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SFTP or SSH File Transfer Protocol, is a protocol based upon SSH which is used to securely transfer files between computers across the internet. SFTP is used for the same role as the much older FTP, but is a completely different technology.

Files transferred through an SFTP connection are encrypted before sending and decrypted when they arrive. As files travel across the internet they are unreadable to anyone without keys.

Like a typical SSH connection, transferred files are encrypted by a set of cryptographic keys generated just for the session, which are be discarded after the connection is broken. Initially SFTP connections can be granted via user name and password and enhanced using public and private encryption keys. The encryption keys are far more secure but take a little more up-front effort to set up.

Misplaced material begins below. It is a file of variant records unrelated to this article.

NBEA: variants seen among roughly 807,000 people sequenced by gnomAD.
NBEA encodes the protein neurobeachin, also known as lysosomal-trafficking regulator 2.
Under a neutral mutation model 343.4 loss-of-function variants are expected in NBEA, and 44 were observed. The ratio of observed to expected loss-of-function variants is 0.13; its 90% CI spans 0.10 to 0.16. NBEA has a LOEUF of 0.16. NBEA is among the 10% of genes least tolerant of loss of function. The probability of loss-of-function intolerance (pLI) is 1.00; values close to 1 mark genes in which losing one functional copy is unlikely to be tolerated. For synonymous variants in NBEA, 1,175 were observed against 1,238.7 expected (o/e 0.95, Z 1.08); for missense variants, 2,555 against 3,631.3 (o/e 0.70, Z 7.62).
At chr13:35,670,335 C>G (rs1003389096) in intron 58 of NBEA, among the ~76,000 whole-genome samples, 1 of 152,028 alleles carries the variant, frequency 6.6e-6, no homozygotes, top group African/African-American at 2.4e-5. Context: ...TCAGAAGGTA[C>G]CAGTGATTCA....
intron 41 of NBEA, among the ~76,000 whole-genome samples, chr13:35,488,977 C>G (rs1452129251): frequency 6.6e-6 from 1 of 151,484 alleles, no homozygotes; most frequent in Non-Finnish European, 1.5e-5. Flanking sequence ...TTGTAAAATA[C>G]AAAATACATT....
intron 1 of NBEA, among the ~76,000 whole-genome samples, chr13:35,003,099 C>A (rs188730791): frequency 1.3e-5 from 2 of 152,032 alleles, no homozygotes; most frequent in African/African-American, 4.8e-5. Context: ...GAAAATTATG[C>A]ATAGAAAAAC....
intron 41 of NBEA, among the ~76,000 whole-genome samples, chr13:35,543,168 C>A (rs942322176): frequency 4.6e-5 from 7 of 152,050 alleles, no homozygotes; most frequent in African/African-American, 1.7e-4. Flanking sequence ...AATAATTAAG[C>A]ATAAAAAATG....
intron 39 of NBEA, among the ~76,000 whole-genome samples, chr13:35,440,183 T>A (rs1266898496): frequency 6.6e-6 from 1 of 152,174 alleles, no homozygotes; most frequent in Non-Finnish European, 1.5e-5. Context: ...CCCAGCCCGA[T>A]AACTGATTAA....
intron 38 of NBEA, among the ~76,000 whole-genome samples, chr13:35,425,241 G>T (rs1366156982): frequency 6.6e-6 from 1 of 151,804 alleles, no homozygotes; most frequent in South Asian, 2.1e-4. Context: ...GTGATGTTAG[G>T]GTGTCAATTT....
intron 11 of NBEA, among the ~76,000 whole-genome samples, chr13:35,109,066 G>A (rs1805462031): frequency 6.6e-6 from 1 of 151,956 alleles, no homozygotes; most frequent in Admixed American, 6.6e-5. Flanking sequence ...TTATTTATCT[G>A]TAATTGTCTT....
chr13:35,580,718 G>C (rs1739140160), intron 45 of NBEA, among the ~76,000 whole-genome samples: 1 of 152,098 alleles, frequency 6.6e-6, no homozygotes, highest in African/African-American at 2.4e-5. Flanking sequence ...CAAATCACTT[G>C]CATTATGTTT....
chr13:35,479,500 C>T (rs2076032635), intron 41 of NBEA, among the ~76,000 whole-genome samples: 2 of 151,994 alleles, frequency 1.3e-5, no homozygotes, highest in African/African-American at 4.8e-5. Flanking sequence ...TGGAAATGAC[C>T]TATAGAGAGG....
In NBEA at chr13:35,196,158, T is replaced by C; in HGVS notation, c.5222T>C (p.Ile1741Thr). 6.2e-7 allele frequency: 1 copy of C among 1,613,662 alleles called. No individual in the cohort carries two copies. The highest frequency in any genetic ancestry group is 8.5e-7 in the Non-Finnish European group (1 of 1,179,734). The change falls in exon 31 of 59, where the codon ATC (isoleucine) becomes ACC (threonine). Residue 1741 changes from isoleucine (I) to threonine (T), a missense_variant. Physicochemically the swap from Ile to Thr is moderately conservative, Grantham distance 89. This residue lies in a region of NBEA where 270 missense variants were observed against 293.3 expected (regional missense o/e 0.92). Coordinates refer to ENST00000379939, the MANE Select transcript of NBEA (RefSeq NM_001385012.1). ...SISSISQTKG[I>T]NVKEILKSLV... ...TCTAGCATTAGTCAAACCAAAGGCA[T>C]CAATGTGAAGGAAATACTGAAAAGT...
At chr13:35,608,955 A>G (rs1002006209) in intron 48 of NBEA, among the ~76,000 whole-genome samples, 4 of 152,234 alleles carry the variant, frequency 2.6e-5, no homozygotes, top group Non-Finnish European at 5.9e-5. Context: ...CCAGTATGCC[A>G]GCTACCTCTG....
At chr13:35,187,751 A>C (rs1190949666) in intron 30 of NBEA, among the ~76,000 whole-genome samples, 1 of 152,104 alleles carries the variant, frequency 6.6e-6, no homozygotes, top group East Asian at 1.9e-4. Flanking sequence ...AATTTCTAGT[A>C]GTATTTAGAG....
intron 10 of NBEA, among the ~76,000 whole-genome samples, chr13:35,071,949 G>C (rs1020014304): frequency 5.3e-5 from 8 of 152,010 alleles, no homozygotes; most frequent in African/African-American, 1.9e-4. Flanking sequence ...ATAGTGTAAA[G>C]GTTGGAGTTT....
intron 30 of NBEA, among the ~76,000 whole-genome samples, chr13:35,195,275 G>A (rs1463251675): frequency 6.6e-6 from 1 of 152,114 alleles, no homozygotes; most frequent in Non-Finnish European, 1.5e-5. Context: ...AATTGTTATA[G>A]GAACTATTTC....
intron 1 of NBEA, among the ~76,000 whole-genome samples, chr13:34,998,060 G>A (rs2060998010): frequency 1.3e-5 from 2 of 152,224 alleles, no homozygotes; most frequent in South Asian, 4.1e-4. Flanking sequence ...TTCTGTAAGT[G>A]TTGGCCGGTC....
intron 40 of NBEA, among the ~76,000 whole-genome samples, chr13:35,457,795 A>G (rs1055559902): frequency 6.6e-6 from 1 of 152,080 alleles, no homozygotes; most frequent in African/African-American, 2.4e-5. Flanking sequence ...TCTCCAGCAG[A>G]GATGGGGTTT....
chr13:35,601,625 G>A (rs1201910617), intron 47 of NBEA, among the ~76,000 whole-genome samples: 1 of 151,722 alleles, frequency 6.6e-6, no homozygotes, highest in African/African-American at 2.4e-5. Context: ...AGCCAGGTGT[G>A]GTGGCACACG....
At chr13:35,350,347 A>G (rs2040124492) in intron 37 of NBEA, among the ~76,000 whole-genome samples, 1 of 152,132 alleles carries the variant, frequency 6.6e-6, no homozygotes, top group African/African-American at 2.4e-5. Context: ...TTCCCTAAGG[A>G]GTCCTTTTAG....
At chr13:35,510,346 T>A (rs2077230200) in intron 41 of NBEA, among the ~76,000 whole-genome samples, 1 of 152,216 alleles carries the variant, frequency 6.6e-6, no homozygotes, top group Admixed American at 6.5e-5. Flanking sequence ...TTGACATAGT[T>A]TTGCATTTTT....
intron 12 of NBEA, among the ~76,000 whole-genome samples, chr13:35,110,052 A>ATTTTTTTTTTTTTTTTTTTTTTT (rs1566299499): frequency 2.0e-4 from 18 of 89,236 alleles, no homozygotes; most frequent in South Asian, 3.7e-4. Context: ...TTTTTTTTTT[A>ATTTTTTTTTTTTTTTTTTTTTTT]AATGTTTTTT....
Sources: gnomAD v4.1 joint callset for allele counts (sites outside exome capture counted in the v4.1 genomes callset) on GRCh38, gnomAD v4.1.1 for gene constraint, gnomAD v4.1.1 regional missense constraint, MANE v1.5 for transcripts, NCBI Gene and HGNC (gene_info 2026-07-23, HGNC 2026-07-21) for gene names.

SFTP is highly suited to transferring files between Linux computers, as the SSH protocol is included in the operating system by default.

Don’t confuse SFTP with FTPS

SFTP is commonly confused with FTPS. Though they are both used for the same task, FTPS is an extension of the old FTP protocol which uses SSL/TLS technology to encrypt files transferred between server and client. SFTP was built from the ground up to be encrypted. Both SFTP and FTPS have pros and cons and the method you choose to transfer files comes down the needs that particular scenario implies.

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